The power of dreams

Submitted into Contest #48 in response to: Write about someone who has a superpower.... view prompt

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I was nine when it first happened. The ethereal dreams. Before that, I had the same dreams everyone did. Filled with anxiety about forgetting homework or being murdered by killer clowns. I quite enjoyed the ones with dancing zebras.

This time, it was different. When I drifted off to sleep, I wasn't presented with a stream of strange images from my subconscious. There was no fog over this dream. Instead, it was vivid, bright and brimming with vibrancy. Lifelike but somehow more than that. Like eating a bazillion candies but without the sickness.

I was in a shopping centre. I didn't recognise it but it had been crafted by my brain with remarkable detail. The floors even had sticky stains left by fizzy drinks. But I knew it wasn't real. My body was translucent and hazy in sharp contrast to the crisp definition of my surroundings. Plus, an old lady walked straight through me, her wooden cane slicing through my legs. I was a ghost. After a little investigating, I found that I could touch things, move them around even though no one could see me or feel me with their hands. Only if I touched them. I poked a middle aged man in the back. He whirled around, looking for the culprit, not realising he had stuck his hand through me.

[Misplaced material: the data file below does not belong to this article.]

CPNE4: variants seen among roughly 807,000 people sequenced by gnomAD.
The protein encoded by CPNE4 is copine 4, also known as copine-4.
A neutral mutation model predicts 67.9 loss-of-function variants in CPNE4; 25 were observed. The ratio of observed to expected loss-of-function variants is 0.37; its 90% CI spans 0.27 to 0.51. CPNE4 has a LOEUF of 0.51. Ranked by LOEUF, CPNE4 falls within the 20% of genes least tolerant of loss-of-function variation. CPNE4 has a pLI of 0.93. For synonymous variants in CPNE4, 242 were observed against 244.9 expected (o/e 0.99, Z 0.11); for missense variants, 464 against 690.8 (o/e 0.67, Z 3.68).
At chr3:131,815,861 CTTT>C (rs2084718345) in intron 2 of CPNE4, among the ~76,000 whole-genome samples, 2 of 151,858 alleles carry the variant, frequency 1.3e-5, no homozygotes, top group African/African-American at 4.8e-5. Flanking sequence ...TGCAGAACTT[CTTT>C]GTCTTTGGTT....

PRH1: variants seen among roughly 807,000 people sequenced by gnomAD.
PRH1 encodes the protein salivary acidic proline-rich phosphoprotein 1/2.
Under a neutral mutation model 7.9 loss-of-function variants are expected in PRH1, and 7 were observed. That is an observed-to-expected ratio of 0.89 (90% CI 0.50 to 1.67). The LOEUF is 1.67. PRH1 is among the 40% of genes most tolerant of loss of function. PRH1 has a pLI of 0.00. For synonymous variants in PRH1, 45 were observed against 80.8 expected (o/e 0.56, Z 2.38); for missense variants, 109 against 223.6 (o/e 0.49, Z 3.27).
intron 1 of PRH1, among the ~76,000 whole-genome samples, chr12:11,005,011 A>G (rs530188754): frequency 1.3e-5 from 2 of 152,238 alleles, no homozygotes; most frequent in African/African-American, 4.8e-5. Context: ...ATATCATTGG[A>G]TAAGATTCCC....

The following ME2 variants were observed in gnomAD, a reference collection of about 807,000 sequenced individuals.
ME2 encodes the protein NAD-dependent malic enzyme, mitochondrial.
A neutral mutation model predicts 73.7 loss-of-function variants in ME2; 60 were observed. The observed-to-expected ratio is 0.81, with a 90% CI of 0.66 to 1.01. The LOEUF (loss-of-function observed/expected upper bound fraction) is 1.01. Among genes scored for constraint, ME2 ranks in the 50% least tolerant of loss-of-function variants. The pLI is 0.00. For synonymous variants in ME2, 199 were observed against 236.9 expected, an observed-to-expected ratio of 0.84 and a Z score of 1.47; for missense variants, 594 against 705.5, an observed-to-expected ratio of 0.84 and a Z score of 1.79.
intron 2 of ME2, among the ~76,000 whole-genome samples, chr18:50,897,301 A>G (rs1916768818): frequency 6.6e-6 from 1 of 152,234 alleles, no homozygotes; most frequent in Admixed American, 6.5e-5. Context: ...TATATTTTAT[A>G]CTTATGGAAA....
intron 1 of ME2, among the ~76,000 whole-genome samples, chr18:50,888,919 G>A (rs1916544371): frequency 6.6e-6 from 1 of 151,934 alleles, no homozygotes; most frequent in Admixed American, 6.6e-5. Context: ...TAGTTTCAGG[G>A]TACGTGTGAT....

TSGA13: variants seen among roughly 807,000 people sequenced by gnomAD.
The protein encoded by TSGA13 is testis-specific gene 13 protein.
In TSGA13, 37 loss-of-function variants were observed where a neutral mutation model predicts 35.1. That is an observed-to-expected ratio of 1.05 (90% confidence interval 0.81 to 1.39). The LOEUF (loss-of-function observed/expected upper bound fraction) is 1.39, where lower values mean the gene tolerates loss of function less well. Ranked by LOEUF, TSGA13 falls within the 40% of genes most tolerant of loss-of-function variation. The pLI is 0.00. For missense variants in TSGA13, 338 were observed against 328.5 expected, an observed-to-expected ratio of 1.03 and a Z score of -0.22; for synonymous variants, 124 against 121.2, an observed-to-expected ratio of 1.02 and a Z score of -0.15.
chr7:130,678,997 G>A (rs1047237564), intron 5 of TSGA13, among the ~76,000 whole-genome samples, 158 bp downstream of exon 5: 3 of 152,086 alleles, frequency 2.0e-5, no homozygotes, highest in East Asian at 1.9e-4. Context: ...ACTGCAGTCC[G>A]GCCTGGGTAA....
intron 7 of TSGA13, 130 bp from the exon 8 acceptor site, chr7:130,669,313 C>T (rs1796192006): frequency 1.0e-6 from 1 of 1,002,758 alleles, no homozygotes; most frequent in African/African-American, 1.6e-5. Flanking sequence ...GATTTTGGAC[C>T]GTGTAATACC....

Giggling, I flew up into the lights. It's no small exaggeration to say this was the greatest moment of my life so far. There was nothing to stop me from doing anything I liked, no adults, no pesky laws of the universe. Though, it was just a dream, it was better than any reality.

While I was lounging upside down, I saw a mum with five kids drop her grocery bags, sending a cascade of fruits and vegetables spiraling everywhere. Her kids didn't try to help her, too preoccupied with annoying each other. She bent down to pick it but there were the beginnings of frustrated tears in her eyes. My teacher always taught me that you should help strangers and I was an obedient child. With a flick of my wrist, all the produce rolled back into her bag. The woman, while confused at the sudden reversal of gravity, no longer looked as if she was about to burst into tears. I smiled to myself.

Then, I woke up, having toppled out of the bed and onto the floor. The glow from my dream faded away and I was back to being me.

For about a week, I chalked up the experience to my "over-active imagination", as my teacher liked to call it.

But then I had another dream.

And another.

They were sporadic, sometimes appearing only once a month. I'd end up in various locations, sometimes halfway across the world. Vicarious travelling through dreams. Other times, I was only five minutes away from home. There was often a time difference, though, between when my dream would take place and what time I was actually having the dream. Most of my dreams took place in daylight.

They never lost their sheen of excitement. Every time I had one, it was a rush. I was something more in these dreams. I only had to think and I could do anything.